Mission accomplished

ZSC Lions’ winning streak arrived at its happy end


After a year with the New York Rangers, the Victoria Cup comes in European hands in year two. Photo: Matthew Manor / HHOF-IIHF Images

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ZURICH – On Tuesday night, the ZSC Lions completed a mission that began almost one year ago: To achieve the highest accomplishment a European club can achieve – the Victoria Cup.

European clubs have been battling for the European crown since 1966, in different formats, but it was in 2008 when hockey took the next step, adding a transatlantic trophy into the mix.

Like last year in the inaugural Victoria Cup in Berne, the game between the European champion and the NHL challenger was a close one. Last year, the New York Rangers edged Metallurg Magnitogorsk 4-3 coming back from a 3-0 deficit.

This year, the Victoria Cup stays in Europe after Zurich’s 2-1 win against the Chicago Blackhawks. The ZSC Lions became the first-ever Swiss European club champion by winning the Champions Hockey League after a David vs. Goliath story in eight acts, and ZSC always playing the part of David.

The Victoria Cup was the bonus track, so to say. But for ZSC coach Sean Simpson it was just the continuation of the team’s successful international campaign. And preparation was his key to success.

“Winning the Champions Hockey League was the bigger success because it took months, and you had to win several games. Against Chicago it was just one game and anything can happen in one game if you believe in yourself and work hard. We had one week to prepare for this game and we used it,” Simpson said.

“We can play our game without special preparation in Switzerland because the teams play a similar system. But when you play at such a high international level, you need special preparation.

“When you play against Chicago, Magnitogorsk, Espoo, Linköping, Prague, it’s always a different style, so we always had to adapt our strategy a little. I think we were well prepared for Chicago’s style. We wanted to do our best even though we were not sure what it meant against Chicago. It meant a win, 2-1. I think the experience from the Champions Hockey League helped us because we won some great games there. It was a great performance of the whole team,” he said.

In the Swiss league, last season’s CHL winner got ousted in the quarterfinals. It seems like the Lions become better players on international stage.

“It’s also psychological. You get a new jersey without advertisement, you watch Chicago vs. Detroit videos as a preparation, and that gave us the self-confidence we needed,” said Simpson.

“Now we must get our feet back on the ground. It was just one game and now we have to get focused on our own league. You always have to be ready for your next task. I hope this will help us also in the National League A. It was a great evening for Swiss hockey.”

For Simpson, the Victoria Cup was an excellent calling card and it may not be surprising that, according to Swiss media reports, he’s one of the main candidates for the national team job next year.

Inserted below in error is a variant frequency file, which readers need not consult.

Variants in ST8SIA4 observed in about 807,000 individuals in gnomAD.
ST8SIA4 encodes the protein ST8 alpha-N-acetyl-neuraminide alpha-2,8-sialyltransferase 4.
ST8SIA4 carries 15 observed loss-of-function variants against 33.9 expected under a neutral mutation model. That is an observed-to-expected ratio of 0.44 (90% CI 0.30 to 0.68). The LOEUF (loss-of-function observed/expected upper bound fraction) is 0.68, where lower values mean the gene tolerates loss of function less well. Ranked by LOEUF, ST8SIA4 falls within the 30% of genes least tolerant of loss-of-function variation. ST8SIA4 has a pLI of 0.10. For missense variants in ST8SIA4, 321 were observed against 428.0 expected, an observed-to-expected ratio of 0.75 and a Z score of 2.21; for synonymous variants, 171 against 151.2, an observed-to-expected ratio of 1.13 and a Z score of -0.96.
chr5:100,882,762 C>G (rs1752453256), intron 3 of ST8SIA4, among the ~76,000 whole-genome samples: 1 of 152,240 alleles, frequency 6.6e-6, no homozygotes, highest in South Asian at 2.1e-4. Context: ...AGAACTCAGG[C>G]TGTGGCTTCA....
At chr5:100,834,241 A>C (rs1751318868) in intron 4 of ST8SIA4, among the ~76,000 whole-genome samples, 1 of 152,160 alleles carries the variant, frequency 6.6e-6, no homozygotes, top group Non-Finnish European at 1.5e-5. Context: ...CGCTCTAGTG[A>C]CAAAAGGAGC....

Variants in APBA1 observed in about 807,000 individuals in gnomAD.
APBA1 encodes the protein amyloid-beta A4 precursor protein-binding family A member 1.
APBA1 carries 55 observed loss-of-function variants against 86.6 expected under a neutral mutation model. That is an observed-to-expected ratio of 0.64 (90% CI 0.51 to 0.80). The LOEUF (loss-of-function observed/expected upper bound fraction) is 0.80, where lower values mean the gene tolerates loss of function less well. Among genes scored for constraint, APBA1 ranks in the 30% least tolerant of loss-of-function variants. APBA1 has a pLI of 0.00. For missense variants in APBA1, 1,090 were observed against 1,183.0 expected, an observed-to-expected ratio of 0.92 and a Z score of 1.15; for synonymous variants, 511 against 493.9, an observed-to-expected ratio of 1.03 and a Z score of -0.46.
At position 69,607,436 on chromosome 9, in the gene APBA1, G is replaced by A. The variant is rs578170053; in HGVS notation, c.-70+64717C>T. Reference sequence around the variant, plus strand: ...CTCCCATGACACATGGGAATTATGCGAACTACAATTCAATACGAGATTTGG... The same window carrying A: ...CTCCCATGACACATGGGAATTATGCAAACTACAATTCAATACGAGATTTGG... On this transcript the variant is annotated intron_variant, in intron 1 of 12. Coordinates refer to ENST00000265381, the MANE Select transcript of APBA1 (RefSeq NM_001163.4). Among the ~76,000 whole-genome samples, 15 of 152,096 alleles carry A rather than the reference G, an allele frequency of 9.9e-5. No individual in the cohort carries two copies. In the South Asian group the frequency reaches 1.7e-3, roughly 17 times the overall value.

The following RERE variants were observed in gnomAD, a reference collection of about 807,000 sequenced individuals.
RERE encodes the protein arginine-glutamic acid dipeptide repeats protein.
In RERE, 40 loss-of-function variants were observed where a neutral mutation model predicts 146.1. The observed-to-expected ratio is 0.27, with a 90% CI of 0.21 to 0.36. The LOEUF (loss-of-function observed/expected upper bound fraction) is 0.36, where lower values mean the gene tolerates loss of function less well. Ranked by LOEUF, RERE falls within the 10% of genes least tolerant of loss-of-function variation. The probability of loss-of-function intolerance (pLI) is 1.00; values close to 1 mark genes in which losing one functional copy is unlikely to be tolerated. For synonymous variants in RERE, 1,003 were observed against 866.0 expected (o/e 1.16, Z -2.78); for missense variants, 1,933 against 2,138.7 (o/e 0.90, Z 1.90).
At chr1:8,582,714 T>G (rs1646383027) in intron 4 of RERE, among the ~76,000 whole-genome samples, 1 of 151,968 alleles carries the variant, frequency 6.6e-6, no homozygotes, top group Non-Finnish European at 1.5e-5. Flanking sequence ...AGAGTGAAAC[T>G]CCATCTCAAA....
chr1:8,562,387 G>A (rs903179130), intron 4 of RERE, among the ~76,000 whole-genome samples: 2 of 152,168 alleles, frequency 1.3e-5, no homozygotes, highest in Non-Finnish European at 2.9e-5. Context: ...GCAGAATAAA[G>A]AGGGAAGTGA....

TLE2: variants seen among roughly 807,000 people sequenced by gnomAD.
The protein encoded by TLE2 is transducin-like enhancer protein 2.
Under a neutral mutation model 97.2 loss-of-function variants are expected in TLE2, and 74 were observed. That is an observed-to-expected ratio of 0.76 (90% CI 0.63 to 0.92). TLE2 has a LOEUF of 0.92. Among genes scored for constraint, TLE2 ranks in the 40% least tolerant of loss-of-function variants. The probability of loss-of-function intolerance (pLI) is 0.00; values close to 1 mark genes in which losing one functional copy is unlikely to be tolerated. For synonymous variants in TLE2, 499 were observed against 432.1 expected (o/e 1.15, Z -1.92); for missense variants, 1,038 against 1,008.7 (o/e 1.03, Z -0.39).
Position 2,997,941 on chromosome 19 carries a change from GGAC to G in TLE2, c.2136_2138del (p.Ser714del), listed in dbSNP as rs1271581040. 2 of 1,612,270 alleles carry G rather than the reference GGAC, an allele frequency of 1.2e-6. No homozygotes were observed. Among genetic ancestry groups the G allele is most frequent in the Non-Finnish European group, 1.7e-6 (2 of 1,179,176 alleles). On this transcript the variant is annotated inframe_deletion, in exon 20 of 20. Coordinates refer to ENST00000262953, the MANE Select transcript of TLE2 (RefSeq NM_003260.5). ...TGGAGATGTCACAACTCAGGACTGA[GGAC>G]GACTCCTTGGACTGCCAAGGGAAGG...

“We were well prepared, our system worked well and you have to believe that you can win the game,” said Ryan Gardner.

“Chicago is a great team with some world-class players. We knew that they’d play hard and we had to be ready. We skated our butts off, tried to play our system and put them under pressure. We wanted to keep it simple, we wanted to forecheck and not to sit back. Maybe they weren’t ready for our pressure, maybe they thought they can beat us hard like they did against Davos. From the first line to the fourth line we had huge contribution from everybody.

“We put pressure on them all the time, we killed penalties, and battled ‘til the end. We made our country and Europe proud. It’s a special night to us and for everybody who worked hard on it.”

Swiss gold, European gold, the Victoria Cup. There’s not much more left to achieve in Europe.

“I would like to win a medal at the Olympics, or the World Championship,” Gardner said.

“But right now I’m just happy. We have a long season ahead of us. Everybody wanted to beat us last season because we won the Champions Hockey League and now they want to beat the team that beat the Chicago Blackhawks.”

Patrik Bärtschi won the Most Valuable Player award. He tied the game on a breakaway and had five shots on goal – including a missed penalty shot.

“I can hardly believe this. Something like that doesn’t happen every day. It was a huge performance. We had a good beginning and didn’t give up after their 1-0 goal,” the Victoria Cup MVP said.

“You could see that everybody believed in the team. We beat the Chicago Blackhawks, a team where our best players probably wouldn’t get any ice time, so we can be very proud of what we’ve achieved. Now we have to celebrate and let it sink in, get our feet on the ground and come back to our league.”

One of the cornerstones on the ZSC team was – same as during the CHL season – the Finnish veteran goalie Ari Sulander. The 40-year-old helped his team win with 34 saves.

“It was a weird shot, like a curveball where the puck fell down, and turned to the side,” Sulander said about the first goal. “It didn't hit anything on the way, it was just one of those things.

“I just had to refocus and get ready for the next shot. I knew that if I can stop the first shot, our guys would take care of the rest.”

And they did. Sulander was full of praise for his teammates.

“Our defencemen played really well, I haven't seen our guys block shots like they did tonight in a long time,” he said and confirmed reports that he will apply for the Swiss passport soon.

“If I get it early next season, I’d like to keep playing,” he said. “Otherwise I’m no sure what I will do.”

But for now he can enjoy another big win.




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